The 107th Legislature Is Back in Session
Greetings and happy new year from all of us at NADP! Today marks the first day of the Second Session of the 107th Nebraska Legislature. As 2022 is an even-numbered year, this "short" session will be only 60 days; with weekends and recess days included, the session is currently scheduled to run from January 5 to April 20. Senator Mike Hilgers, representing District 21 in the northwest parts of Lincoln and Lancaster County, will return as Speaker. Read on for important information about bill introduction and ways to make your voice heard!
How An Idea Becomes Law
When a senator has an idea for new legislation, they work with the talented bill drafters in the office of the Revisor of Statutes to determine the best way to integrate this idea with existing Nebraska state statutes. This could be as simple as altering language in certain sections of laws already in effect, or it could necessitate the creation of entire new sections—but either way, the bill drafters work with the senator(s) to create a Legislative Bill that is then filed with the Clerk of the Legislature and given a number, typically within the first ten days of the session. That's where bill designations such as LB268 come from, though senators may also introduce nonbinding resolutions that get an LR designation. The Legislative Fiscal Office is then responsible for preparing statements that anticipate how a proposed bill would affect the state budget—and, if necessary, the Fiscal Office creates a companion appropriations bill (titled such as LB268A) so the Legislature can provide funds for the effects of the bill should it become law.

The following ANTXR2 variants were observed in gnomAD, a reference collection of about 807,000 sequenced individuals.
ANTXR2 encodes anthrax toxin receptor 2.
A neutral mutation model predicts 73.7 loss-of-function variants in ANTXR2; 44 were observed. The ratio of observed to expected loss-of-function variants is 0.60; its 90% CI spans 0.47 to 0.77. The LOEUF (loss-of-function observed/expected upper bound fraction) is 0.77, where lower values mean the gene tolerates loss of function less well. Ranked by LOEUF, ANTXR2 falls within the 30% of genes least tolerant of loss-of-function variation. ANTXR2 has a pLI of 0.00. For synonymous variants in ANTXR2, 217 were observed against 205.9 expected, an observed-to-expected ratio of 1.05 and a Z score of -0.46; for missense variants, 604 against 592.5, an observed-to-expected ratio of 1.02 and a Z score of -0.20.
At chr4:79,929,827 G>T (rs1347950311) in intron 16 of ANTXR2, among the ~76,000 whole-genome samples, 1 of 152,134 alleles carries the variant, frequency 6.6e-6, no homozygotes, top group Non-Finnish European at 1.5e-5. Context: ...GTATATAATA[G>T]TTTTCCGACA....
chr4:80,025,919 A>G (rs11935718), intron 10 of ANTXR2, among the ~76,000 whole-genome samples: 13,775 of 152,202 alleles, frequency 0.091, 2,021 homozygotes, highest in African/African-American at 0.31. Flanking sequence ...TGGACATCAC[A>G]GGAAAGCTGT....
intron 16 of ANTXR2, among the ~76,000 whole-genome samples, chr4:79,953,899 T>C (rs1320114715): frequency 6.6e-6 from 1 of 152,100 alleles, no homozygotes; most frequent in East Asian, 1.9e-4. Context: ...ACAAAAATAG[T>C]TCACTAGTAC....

The bill then goes to the Reference Committee, consisting of nine senators selected by the body, where it is evaluated on its content and sent to one of 14 standing committees (such as Natural Resources, Health and Human Services, etc.), each also consisting of senators selected by the body. Most of the bills we focus on at NADP land in the Judiciary Committee, which deals with proposed changes to criminal codes.